Post Content

Tim Purinton

Tim Purinton

Acting Director, Department of Fish and Game’s Division of Ecological Restoration

View Tim's Bio

Red Brook SalterSpring fever is mounting. You can tell because I just procured a new, but clearly vintage, 6’6” bamboo fly rod from eBay in anticipation of fishing more small streams in Massachusetts this year. I’m not going to bore you with details of my fly fishing gear or what fly patterns are deadly for such-and-such month (I wish I always knew!) but I will let you in on two streams that I’m excited to fish because they have been recently restored and hold renewed promise as great trout streams.

The first is Red Brook on the Wareham and Plymouth line. Fishing Red Brook is like skiing a trail at Mad River Glen. It’s narrow, full of trees and technically challenging. A host of partners including Trout Unlimited and the state have been working to restore this spring-fed stream. Since 2006 four dams have been removed, tons of wetland fill excavated and dozens of large trees have been placed in the stream to create habitat and jump start natural stream processes (i.e. scouring, pool development, etc.), making this stream a black diamond.

Yokum Brook It’s a catch and release fishery, and if you are fortunate to catch – you will likely bring in a salter brook trout. (Picture) Red Brook is one of the few streams remaining in the state that supports a sea run brook trout population. If you go, practice your roll casts as the stream has a healthy canopy of riparian vegetation. Almost all of the Red Brook is permanently protected; the best access point is via the Trustees of Reservation’s Lyman Reservation.

The second is Yokum Brook in Becket. Becket is beautiful and getting there is worth the trip as it requires driving along the nationally designated Wild and Scenic Westfield River. Two large dams were removed along Yokum Brook in partnership with our program most recently the Ballou Dam. Yokum Brook now flows unimpeded for four miles from Buckley Dunton Lake to the confluence of the West Branch of the Westfield River. Fishing the brook is easy as there is ample access along Main Street in North Becket Village.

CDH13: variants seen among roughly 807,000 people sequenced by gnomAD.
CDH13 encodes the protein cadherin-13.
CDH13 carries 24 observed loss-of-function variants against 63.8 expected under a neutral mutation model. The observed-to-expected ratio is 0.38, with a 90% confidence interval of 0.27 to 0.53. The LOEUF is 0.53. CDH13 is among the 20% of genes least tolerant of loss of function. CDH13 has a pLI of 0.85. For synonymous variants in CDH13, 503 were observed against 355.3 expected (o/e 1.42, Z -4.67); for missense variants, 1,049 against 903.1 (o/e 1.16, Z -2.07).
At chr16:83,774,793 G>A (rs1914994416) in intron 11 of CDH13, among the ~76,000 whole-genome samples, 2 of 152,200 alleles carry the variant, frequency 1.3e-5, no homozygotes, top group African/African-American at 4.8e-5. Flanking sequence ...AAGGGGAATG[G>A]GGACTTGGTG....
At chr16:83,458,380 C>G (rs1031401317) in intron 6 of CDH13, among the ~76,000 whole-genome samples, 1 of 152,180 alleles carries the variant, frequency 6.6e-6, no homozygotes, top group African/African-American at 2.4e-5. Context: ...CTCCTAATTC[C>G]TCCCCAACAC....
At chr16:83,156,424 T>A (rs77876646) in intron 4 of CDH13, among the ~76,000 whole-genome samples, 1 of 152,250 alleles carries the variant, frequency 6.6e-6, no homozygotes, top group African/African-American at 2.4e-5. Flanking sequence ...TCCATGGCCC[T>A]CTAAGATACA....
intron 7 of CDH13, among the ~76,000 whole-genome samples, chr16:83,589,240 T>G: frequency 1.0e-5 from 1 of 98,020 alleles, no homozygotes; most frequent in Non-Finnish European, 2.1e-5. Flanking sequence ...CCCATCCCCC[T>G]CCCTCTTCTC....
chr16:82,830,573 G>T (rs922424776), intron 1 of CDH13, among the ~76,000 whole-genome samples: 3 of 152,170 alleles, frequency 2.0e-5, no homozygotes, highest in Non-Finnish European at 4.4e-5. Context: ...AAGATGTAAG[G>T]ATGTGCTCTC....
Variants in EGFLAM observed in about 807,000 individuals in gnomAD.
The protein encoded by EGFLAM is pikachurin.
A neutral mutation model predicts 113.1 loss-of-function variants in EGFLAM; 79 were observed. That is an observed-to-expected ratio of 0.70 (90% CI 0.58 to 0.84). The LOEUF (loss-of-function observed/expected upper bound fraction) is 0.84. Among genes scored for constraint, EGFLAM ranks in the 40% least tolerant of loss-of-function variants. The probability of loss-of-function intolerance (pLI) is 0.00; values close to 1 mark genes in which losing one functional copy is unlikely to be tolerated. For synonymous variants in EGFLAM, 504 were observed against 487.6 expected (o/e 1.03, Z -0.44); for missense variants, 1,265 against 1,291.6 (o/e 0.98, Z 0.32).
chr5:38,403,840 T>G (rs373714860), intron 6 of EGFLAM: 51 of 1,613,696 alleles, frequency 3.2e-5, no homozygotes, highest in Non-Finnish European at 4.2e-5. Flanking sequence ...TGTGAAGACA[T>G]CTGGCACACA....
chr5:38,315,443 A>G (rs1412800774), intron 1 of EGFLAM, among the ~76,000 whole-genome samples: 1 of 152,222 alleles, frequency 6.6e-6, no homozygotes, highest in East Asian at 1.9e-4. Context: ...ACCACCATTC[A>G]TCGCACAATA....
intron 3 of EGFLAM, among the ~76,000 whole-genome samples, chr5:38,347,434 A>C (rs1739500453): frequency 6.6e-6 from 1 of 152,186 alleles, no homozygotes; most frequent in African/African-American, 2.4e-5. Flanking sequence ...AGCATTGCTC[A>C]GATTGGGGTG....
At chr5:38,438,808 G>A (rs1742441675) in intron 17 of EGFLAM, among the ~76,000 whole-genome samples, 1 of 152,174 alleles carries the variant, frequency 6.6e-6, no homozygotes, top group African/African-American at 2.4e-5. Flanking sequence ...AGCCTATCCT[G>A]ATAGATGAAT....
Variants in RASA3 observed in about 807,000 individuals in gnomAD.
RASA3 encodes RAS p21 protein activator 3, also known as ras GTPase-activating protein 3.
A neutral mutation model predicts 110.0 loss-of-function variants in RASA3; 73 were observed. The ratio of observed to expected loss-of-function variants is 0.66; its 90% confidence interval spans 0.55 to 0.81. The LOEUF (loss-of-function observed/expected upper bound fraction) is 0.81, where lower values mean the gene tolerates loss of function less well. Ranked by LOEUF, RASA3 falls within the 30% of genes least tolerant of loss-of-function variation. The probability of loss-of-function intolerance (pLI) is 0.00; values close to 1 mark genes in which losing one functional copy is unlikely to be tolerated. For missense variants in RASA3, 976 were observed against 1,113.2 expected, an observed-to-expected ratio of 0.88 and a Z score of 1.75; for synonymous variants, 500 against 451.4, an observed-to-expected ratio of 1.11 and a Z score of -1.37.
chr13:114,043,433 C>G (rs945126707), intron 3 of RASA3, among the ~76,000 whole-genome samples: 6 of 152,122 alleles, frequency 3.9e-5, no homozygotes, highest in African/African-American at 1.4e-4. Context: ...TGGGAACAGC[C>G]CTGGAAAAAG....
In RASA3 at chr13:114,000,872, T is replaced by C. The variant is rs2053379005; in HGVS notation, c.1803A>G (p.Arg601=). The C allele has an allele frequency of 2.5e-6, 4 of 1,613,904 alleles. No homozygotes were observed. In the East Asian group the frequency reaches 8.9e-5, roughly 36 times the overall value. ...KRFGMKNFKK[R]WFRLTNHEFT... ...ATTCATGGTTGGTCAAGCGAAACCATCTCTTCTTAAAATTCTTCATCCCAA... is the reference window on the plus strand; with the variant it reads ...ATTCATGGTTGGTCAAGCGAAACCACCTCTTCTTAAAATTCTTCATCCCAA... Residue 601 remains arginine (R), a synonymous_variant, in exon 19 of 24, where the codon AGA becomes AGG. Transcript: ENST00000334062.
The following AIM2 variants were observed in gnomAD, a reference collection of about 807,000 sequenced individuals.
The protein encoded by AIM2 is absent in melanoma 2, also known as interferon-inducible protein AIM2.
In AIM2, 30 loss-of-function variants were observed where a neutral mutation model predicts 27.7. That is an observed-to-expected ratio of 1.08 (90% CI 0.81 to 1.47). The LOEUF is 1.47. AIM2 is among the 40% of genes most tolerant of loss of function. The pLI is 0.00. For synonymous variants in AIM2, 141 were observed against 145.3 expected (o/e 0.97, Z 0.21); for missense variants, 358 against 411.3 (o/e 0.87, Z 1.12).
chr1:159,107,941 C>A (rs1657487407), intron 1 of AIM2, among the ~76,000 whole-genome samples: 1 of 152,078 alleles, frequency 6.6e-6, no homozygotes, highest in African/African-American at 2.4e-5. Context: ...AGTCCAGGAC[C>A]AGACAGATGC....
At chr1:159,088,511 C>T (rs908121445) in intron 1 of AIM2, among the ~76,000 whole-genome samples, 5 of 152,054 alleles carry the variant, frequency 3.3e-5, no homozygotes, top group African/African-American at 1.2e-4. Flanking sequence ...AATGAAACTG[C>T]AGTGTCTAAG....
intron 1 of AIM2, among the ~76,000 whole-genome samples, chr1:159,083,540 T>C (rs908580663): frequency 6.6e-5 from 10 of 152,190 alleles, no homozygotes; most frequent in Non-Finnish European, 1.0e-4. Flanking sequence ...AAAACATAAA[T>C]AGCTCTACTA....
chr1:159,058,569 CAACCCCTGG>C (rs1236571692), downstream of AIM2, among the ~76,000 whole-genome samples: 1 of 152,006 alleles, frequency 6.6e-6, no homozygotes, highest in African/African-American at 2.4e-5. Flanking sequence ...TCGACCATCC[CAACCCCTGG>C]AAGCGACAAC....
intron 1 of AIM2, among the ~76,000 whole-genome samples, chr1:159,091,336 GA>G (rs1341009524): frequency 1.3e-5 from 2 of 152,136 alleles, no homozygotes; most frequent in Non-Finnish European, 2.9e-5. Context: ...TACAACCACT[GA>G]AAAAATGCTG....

While the Swift, Deerfield, Millers and Hoosic Rivers are more famous fly fishing venues, I much prefer fishing the small streams and when I know that a stream has been restored there is a certain satisfaction in catching a fish that may not have been there without a careful intervention or two.

Written By:

Recent Posts

2015 DAR Agricultural Calendar: February posted on Feb 25

2015 DAR Agricultural Calendar: February

  February’s contest winner was Amanda Bettle, who photographed sheep at The Natural Resources Trust of Easton.  This photo features Dog, a former 4-H show animal and sole male sheep among the nine ewes in the Natural Resources Trust of Easton (NRT) flock. It is the mission   …Continue Reading 2015 DAR Agricultural Calendar: February

2015 DAR Agricultural Calendar: January posted on Jan 26

2015 DAR Agricultural Calendar: January

January’s contest winner was Renee Finnegan, who photographed a pensive Highland cow at Oak Meadows Farm & Garden in Rutland. Glenn and Mary Kauppila have been farming 100 acres of land in Rutland for approximately 15 years. With the help of their three adult children, they   …Continue Reading 2015 DAR Agricultural Calendar: January

Visit Winter Farmers’ Markets for Holiday Gifts posted on Dec 5

Visit Winter Farmers’ Markets for Holiday Gifts

  While performers serenade shoppers with upbeat or easy-listening music, farmers and food producers sell a wide variety of local food throughout the winter at over 40 winter farmers’ markets this season. Those who have not yet visited a winter market might be surprised by   …Continue Reading Visit Winter Farmers’ Markets for Holiday Gifts